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New Archaeological Discoveries

Excavations in Sweida resulted in important new discoveries, the most important is the lower left part of the ancient western archaeological gate of Sweida city dating back to the end of the first century AD. It is a rectangular basaltic rocks, carved well and relatively large in size.

Head of  Sweida Antiquities Bureau, Hussein Zeineddin, said that this part is located north of the road leading to al- Najmeh(star) Palace down more than two meters from its level and has a height of 2.45 meters, a length of 2.5 meters and a width of 2.5 meters. The work will continue to uncover the right lower part of the gate where the upper portions of it appeared broken (by man). 

"The excavation works at the site of Breakah Hill in Sweida, date back mainly to the Middle Bronze 2000/1500 BC, also resulted in detecting ruins of  a residential house back to the Aramaic period "700 BC". The house was built of basalt stone in addition to a group of earthen wine jugs, pottery jars belonging to the same period," Zeineddin said.

"These discoveries are added to the ones that have been found in the processes of previous excavations which included two rooms, one of them included nine earthen wine jugs of large size that were arranged in three rows and were used to save wine in addition to a floor paved with small stones, and a foundation of two rooms, one of them contained a pottery basin and the second contained a large jar," Zeineddin stressed. 

 "Several stone tools and broken bones, pottery vessels and a mold for pouring gold ornaments that included elaborate inscriptions and decorations made also have been discovered," Zeineddin added.
"The other room contained artifacts made of colored pebbles taken from river in addition to a stone basin to crush the dyes, small silky basaltic stone for waxing threads, a chamber to save the earthen wine jugs, as well as a piece of unique ivory a tube shaped with diameter of about "5 cm". This evidence reflects a boom in the ivory industry in the Aramean period during the first three centuries of the first thousand BC," head of  the Antiquities Bureau clarified. 

" Some of  excavation missions operating at Breakah Hill site also discovered architectural ruins date back to the eighteenth century BC. Beside the site, there were  graveyards in the form of pottery jars and a number of oil pitchers that were used for  transporting olive oil and other sorts of oils  to different parts of Bilad As Sham, and  Egypt.  Among the finds, there was a "beetle" shaped seal that belonged to an Egyptian traders. They  left this legacy at this site near a spring of water," he pointed out.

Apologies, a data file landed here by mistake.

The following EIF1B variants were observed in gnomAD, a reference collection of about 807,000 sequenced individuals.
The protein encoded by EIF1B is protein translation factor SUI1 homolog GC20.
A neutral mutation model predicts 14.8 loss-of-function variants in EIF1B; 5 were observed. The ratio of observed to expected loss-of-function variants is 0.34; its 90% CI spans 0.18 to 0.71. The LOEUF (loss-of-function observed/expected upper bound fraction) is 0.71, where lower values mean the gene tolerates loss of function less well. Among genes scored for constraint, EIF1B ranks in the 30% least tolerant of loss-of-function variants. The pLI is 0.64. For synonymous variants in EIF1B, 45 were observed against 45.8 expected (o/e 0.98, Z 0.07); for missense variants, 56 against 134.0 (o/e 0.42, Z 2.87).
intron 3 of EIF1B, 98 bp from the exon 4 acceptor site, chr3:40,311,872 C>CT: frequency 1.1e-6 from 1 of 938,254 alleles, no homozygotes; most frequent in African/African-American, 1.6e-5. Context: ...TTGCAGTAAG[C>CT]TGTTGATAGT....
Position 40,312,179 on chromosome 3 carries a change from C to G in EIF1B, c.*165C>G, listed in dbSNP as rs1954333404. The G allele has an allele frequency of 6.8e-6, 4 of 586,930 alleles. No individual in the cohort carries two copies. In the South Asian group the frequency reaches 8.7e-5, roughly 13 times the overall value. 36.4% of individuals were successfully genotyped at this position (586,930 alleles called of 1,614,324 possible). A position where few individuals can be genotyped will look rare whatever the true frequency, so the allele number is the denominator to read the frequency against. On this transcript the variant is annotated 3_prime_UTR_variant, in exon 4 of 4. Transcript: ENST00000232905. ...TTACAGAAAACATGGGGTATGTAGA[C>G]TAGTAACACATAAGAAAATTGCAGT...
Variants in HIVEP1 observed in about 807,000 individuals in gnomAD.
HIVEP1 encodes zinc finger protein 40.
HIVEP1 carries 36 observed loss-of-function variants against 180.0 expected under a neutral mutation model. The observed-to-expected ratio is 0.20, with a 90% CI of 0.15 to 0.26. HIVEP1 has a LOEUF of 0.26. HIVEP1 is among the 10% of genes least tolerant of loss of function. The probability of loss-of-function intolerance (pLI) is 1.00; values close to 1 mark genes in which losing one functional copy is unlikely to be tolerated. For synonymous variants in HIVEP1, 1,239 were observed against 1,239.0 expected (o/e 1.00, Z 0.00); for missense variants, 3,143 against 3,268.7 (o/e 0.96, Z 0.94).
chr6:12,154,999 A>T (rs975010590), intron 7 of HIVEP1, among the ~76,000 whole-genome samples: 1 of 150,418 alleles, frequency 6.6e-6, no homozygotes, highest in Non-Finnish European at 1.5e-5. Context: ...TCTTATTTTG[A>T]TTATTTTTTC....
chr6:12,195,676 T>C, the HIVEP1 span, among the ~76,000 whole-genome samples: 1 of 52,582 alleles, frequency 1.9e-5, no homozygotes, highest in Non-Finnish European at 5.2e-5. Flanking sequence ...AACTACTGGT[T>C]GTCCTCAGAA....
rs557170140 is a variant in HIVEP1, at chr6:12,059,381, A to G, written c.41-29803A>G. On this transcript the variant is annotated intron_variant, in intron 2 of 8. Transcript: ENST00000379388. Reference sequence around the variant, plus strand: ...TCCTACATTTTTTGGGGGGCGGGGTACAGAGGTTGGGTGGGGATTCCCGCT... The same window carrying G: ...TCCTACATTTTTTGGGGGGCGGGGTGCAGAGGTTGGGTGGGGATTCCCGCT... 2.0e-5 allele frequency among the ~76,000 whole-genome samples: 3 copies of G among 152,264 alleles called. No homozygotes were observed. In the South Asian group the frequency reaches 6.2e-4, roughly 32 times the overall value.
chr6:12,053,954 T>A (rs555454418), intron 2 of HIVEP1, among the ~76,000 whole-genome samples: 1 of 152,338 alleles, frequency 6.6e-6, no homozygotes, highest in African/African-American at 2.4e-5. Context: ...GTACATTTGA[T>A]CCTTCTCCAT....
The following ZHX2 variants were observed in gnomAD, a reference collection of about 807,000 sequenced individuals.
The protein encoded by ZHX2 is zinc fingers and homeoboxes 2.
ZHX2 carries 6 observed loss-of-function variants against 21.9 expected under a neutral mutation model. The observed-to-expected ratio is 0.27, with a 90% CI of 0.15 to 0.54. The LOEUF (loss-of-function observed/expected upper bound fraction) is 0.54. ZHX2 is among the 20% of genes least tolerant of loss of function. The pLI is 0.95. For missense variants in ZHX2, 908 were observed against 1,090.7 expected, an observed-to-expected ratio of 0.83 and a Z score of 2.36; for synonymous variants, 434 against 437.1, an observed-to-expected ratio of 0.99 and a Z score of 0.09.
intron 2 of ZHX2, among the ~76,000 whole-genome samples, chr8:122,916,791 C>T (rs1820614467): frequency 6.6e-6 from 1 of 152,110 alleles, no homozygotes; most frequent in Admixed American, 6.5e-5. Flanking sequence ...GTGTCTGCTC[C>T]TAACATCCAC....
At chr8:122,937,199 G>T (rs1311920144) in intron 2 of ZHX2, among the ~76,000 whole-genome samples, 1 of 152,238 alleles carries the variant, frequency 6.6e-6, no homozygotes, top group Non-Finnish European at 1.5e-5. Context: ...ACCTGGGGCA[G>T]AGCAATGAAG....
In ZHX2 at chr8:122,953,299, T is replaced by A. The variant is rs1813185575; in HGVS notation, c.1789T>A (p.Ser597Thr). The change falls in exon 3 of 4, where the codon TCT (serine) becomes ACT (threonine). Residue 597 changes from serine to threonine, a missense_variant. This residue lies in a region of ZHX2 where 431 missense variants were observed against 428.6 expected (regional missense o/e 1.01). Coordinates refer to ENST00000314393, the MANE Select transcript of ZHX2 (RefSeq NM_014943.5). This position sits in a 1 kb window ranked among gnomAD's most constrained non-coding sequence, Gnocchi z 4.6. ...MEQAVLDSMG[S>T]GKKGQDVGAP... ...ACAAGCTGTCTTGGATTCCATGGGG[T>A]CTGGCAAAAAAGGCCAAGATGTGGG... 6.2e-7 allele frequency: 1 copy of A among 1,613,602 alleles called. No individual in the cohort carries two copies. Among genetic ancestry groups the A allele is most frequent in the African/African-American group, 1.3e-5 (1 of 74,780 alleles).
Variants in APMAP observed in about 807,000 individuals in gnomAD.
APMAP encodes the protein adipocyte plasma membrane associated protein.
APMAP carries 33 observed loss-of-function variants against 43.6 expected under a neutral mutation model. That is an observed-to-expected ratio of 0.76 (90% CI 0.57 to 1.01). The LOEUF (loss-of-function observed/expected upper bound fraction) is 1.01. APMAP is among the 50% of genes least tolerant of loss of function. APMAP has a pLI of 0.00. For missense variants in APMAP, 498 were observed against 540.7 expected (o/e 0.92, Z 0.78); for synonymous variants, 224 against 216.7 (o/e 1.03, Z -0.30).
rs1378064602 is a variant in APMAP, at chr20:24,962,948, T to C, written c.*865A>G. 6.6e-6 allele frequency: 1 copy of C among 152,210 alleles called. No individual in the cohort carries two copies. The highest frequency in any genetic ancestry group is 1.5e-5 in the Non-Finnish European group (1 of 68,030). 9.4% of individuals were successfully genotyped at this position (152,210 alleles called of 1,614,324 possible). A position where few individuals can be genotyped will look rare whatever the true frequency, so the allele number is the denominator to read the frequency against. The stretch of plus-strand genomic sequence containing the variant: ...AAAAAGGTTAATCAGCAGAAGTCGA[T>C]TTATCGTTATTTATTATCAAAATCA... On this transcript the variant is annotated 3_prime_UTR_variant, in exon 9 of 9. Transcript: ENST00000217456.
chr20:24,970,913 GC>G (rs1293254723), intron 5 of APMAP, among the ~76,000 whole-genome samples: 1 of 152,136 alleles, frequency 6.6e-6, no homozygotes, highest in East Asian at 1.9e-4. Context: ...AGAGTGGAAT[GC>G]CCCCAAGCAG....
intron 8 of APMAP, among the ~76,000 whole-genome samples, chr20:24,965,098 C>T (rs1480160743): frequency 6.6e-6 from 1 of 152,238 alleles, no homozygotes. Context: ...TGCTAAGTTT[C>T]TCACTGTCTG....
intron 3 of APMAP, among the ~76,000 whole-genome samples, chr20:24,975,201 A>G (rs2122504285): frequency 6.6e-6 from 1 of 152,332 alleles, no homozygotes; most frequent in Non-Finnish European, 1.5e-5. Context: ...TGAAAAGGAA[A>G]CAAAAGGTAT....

"The National Excavation Mission also found, in the area of temples at the archaeological site of Sea,i specifically in the eastern courtyard of Ze al Sharat  Temple, located between the temples of Baal Shamin in the West and the Great Temple in the east, the Haram wall of this temple on the southern- eastern side and found a "corridor" paved with basalt tones leads from the end of the eastern Haram area and west of the Nabatiyeh gate to the area of south  the southern Chapel in addition to a number of pottery saddles and coins belonging to the two Nabatiyeh and Romanian eras, noting that work will continue at the two archaeological sites of  Breakah Hill and Sea,i in the future due to their historic significance," Zeineddin concluded. 

Sh. Kh.

Some 562 Tourism Projects in Damascus Countryside

DAMASCUS, (ST) - The number of tourist projects mostly” Hotels and Restaurants" in Damascus Countryside reached 562 tourist projects with a cost of SP 139 billion.

The number of invested tourist projects is 379 with at a cost of SP 39 billion were put under investment.  These included 145 hotels with a cost of SP billion 29 and 234 restaurants at a cost of SP 10 billion, according to Damascus countryside Tourism Directorate.

Other 18 projects are under construction in Damascus Countryside at a cost of SP 17 billion, the directorate added.

N.K

Qasr al-Hayr al-Sharqi , A UNESCO World Heritage

Qasr al-Hayr al-Sharqi, or the "Eastern Castle", is a castle in the middle of the Syrian Desert. It was built by the Umayyad caliph Hisham ibn Abd al-Malik in 728-29 CE. It was apparently used as a military and hunting outpost. The palace is the counterpart of Qasr al-Hayr al-Gharbi, a nearby castle palace built one year earlier.

Qasr al-Hayr al-Sharqi is 10 kilometres (6.2 mi) from al-Sukhnah and 100 kilometres (62 mi) from Sergiopolis (Rusafa), near Bishri Mountain near Palmyran Middle Mountains.